It is reasonable to assume that we have economically routinized the pandemic and that we have room to maneuver until we are vaccinated (or choose not to be). 

But the 140,000 jobs lost in December were decisions businesses made about what they expect to happen in 2021. 

Leaving aside schools and government agencies (and restaurants and bars, which have been the long-running victims of social distancing), there are certainly other businesses, and more than a minority, making job cuts. 

The travel industry has already been cut to the bone, and other businesses can let some but not most employees go if they are to continue functioning.

Those 140,000 cuts were made largely by businesses that have a profound understanding of the business they are in and of the appetite of their customers for what they sell. 

Most businesses have always controlled the number of people they employ – that is, not maintaining a mass of disposable staff. So when they cut jobs, they cut deep, and if they are cutting to the bone they are seeing something unpleasant coming.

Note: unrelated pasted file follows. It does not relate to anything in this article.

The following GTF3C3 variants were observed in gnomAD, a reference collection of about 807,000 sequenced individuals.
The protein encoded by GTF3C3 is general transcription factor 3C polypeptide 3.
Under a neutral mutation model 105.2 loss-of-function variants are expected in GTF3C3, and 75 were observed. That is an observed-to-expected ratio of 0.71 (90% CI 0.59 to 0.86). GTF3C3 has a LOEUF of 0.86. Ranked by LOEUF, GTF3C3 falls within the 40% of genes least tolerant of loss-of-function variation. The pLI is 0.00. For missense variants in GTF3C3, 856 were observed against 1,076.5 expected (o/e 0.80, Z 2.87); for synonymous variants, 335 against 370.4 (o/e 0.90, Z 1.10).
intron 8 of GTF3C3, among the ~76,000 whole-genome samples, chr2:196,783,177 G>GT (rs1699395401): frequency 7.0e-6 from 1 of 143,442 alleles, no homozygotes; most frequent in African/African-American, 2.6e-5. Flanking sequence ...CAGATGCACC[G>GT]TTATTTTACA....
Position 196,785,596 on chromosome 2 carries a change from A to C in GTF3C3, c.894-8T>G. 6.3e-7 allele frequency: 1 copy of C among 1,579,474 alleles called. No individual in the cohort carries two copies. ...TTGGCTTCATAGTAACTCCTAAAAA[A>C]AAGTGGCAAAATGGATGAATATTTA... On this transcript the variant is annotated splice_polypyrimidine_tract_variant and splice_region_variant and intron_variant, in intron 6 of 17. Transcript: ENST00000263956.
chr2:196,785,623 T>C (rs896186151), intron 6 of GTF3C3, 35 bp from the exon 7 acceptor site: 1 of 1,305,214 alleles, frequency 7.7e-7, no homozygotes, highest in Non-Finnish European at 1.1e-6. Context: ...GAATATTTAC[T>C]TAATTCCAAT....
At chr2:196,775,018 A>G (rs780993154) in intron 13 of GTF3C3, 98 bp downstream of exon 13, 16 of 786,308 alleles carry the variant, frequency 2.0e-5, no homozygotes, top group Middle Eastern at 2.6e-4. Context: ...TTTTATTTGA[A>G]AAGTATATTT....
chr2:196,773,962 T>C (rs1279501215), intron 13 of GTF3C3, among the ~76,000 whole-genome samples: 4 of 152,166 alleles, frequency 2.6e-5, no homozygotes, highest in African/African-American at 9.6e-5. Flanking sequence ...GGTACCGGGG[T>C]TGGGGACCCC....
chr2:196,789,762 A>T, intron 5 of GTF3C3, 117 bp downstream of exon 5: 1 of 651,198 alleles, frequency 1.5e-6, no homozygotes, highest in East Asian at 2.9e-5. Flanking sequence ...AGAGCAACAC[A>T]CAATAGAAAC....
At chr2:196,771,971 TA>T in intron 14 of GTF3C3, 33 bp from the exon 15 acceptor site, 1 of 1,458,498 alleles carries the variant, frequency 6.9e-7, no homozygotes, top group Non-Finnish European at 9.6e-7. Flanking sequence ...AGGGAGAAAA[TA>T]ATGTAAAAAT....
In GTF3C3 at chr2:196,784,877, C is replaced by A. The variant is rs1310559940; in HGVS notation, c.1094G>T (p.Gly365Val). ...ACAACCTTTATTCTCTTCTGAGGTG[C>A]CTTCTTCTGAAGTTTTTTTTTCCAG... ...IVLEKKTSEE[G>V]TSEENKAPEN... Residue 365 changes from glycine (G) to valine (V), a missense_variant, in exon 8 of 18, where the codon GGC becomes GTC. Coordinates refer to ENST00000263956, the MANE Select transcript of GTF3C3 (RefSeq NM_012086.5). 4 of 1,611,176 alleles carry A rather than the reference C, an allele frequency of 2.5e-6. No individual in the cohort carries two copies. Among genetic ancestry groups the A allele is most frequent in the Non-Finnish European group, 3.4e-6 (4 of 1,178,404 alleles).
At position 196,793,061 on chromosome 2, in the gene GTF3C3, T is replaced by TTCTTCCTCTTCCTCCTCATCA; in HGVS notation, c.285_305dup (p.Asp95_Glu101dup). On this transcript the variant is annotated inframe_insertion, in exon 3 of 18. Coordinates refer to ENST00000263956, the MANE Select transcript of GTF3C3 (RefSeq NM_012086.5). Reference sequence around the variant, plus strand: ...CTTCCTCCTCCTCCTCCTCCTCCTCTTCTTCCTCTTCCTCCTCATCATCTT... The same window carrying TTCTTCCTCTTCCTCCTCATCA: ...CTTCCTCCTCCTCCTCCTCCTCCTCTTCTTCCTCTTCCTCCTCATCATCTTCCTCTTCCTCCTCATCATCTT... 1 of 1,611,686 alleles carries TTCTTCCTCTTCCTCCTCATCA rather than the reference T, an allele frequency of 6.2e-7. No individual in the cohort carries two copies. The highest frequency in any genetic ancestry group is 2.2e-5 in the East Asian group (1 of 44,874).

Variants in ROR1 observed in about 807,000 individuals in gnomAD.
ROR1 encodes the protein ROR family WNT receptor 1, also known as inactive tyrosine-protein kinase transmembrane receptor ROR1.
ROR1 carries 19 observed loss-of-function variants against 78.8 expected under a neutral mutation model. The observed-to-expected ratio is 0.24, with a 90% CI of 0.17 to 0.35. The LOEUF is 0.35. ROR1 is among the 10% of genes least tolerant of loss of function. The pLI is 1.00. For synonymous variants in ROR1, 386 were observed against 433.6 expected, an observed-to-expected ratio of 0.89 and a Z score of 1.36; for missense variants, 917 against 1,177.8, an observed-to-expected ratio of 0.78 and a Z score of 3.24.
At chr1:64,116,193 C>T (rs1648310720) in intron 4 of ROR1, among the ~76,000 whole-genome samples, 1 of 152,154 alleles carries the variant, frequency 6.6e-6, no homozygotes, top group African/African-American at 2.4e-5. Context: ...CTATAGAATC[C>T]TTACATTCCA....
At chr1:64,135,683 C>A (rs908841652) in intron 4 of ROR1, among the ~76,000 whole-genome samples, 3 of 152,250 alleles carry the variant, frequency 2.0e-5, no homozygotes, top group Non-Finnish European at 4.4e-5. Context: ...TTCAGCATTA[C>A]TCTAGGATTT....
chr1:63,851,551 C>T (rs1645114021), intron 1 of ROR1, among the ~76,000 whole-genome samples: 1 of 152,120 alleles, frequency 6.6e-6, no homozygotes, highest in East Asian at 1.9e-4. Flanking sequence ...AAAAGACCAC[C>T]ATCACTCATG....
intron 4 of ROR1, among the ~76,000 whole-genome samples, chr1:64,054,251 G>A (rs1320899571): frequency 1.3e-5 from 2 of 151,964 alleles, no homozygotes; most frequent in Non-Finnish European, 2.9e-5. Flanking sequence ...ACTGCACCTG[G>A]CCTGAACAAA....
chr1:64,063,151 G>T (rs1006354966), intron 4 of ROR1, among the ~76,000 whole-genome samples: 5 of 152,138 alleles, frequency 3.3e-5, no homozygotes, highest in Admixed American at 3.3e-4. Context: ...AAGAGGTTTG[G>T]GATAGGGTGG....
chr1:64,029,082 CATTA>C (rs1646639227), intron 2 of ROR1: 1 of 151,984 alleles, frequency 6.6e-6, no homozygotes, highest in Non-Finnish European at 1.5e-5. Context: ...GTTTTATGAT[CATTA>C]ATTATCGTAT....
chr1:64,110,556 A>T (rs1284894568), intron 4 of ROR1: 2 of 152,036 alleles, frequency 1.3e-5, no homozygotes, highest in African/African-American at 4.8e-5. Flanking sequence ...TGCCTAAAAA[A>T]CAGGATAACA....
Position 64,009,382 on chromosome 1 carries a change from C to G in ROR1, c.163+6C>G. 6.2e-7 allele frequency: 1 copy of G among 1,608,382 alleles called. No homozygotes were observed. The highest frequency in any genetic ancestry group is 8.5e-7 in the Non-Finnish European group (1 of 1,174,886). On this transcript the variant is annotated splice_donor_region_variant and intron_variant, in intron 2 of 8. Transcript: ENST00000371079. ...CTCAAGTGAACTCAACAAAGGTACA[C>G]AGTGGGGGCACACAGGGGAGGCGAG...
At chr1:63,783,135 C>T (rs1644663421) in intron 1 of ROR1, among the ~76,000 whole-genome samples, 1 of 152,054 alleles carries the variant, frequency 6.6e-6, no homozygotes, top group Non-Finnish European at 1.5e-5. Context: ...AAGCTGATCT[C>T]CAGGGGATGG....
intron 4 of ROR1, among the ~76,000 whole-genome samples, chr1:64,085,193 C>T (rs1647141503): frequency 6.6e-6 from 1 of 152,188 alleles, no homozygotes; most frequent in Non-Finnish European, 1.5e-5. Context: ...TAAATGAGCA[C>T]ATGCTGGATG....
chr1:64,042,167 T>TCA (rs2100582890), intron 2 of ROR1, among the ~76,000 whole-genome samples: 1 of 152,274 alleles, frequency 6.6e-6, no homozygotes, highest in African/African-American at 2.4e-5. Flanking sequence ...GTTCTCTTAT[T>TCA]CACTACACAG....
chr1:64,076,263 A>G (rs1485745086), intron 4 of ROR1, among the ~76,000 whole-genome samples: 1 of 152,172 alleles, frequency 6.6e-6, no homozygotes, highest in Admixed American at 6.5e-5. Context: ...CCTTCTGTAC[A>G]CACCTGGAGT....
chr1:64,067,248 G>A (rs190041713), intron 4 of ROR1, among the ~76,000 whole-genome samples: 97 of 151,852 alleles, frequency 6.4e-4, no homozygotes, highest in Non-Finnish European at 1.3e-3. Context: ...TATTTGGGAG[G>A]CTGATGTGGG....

The cuts will not show up in unemployment figures, nor in banking numbers, nor most certainly in the stock markets.

I think these businesses are seeing two uncertainties. 

The first is that the efforts of the government to defer an economic crisis have succeeded, but that deferral is not the same as prevention. Deferment makes it likely that as the pressures build, a crisis is coming sooner rather than later. 

Failures in various economic sectors can emerge suddenly, and those deferrals can sweep into other sectors. When facing a troubling future, the rational move of any business is to cut expenses. 

And since most viable businesses already control costs vigorously, the only defensive move possible is to cut jobs. Cutting staff just before the new year is an indicator that those who know the economy at its detailed best are very worried.

The second uncertainty is the vaccination program. To be sure, vaccinating 330 million people in the United States is a daunting task, but the fact that we do not know when we will return to normal life, with all its predictability, creates a level of uncertainty that requires defensive action.